paperandribbon

Sometimes I use the paper and ribbon that I have hoarded.

triplicate

These mini-suitcases are presents for a trio of sisters. I thought it would  be fun to echo the triple factor in the ribbons. I feel almost splurge-y for using three different kinds of ribbon for each item, but not really because I only paid $1 for six yards of satin ribbon and $1 for nine yards of sheer ribbon. (I drop by the dollar store periodically to check out the ribbon selection.)

The layered ribbon look makes things look pretty festive, don’t you think?  I like to tie bows on presents that don’t need to be wrapped.

Pro: easy, no tape needed

Con: you need to be a ribbon hoarder collector

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bow cheat

    

You probably can’t tell, but that is just a simple bow tied on top of a present. This is my default way to embellish a present. I tie up the box twice for extra oomph and then tie a bow.

I purposely only use curling ribbon so the ends curl a little bit o9n their own. (Plus curling ribbon is cheap, so I feel like I can use more of it.)

Sometimes, I add an ornament or two or a 3D sticker depending on my mood.

Pro: easy, no tape needed

Con: needs lots of ribbon

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belted flair

I layered two different types of ribbon to create this look. The best part about this is that I used ribbon scraps. I have a habit of hoarding storing extra bits of ribbon that I come across.

I taped the ends of the wider ribbon at the bottom of the box. Then I knotted the curling ribbon on top. I also trimmed the ends so I could add it back on and have four curly ends instead of just two.

The bottom layer doesn’t lay flat on the package due to the wire edges, so a less stiff ribbon will be flatter I think. I could have also glued the edges down too – but then that means the ribbon can’t be reused.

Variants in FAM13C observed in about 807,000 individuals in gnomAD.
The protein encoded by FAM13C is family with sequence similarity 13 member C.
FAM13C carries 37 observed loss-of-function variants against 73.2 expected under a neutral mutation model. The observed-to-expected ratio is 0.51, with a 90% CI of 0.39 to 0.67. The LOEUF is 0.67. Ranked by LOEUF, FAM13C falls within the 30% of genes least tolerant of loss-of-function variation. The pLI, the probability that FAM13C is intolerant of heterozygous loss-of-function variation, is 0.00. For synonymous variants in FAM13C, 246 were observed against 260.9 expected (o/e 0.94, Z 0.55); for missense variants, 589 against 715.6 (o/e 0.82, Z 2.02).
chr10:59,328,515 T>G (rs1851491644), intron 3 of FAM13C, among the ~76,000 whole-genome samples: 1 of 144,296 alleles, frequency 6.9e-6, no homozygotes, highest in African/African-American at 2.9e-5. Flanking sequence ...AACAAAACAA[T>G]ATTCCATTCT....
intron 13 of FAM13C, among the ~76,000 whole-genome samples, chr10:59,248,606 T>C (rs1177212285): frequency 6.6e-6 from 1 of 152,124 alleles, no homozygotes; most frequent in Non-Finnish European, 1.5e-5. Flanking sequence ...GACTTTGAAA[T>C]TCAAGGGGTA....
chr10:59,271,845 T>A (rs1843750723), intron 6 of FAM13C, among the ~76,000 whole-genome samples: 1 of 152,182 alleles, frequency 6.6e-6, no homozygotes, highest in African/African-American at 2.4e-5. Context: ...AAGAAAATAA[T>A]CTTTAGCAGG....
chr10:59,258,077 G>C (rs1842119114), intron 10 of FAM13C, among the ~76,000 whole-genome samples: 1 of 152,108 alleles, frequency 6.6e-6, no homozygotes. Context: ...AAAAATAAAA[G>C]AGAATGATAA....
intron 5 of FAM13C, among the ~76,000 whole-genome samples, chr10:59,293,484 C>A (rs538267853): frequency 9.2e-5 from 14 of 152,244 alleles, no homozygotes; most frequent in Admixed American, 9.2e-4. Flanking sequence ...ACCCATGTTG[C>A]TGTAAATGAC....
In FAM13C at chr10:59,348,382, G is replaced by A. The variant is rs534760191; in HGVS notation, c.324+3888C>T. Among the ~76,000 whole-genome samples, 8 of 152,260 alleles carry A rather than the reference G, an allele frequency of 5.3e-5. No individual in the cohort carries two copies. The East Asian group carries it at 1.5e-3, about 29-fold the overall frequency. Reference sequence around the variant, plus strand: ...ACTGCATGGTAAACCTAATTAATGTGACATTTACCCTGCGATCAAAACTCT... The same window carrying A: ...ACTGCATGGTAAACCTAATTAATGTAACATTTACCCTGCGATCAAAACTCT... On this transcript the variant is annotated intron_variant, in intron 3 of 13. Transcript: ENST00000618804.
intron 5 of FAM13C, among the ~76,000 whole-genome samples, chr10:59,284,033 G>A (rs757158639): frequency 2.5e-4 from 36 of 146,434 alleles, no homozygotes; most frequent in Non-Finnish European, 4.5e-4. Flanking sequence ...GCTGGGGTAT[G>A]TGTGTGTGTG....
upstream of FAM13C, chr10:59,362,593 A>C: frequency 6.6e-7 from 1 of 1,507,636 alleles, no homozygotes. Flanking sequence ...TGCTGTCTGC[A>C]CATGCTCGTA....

Alternatively, a non-curling ribbon could be used for the second layer and just tied into a bow.

Pro: uses ribbon scraps

Con: bottom of the package may not look so pretty

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loopy loops

Here’s a simple bow that adds a lot of flair. It’s really made up up two parts: the circular loop that goes on top, and the flattened loop that goes on the bottom.

I used double-sided tape to make the initial circular loop. I made the diameter to be less than an inch because this was a small present. An added bonus to using double-sided tape (instead of a stapler) is that  you don’t see the staples, so it looks cleaner and prettier.

For the second loop which gets squished in the middle, I used a stapler because it seemed like that would flatten than middle more than tape would. I just eyeballed the proportions. (Maybe when I am bored one day, I can work out proportions.)

I used Zots to fasten both loops to each other and then more Zots to stick it to the gift-wrapped present – mostly because I couldn’t find the double-sided tape. (Later, I found it under the table.)

Here’s a version with three loops – I just added a longer third loop to the mix.

Pro: simple, easy to make

Con: needs other tools (stapler, scissors, double-sided tape, Zots)

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wrapping presents

Dear Reader,

Tomorrow, a post on adding bows to presents!

xoxo,

Me

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decorating with ribbon

Other than increasing the size of my stash, I haven’t done anything with ribbon lately. Here is my paltry attempt at Christmas decor using ribbon.

I don’t even know what the thought process was on this one. I didn’t even bother to trim the folded-over end. Also, I didn’t bother to tie a proper bow.

I am all “whatevs” about this though – which is not normal. Normal me would have fixed the problem. I’d like to think that I am just saving up my creativity for wrapping presents. But really, it’s probably my self-diagnosed ADD kicking in.

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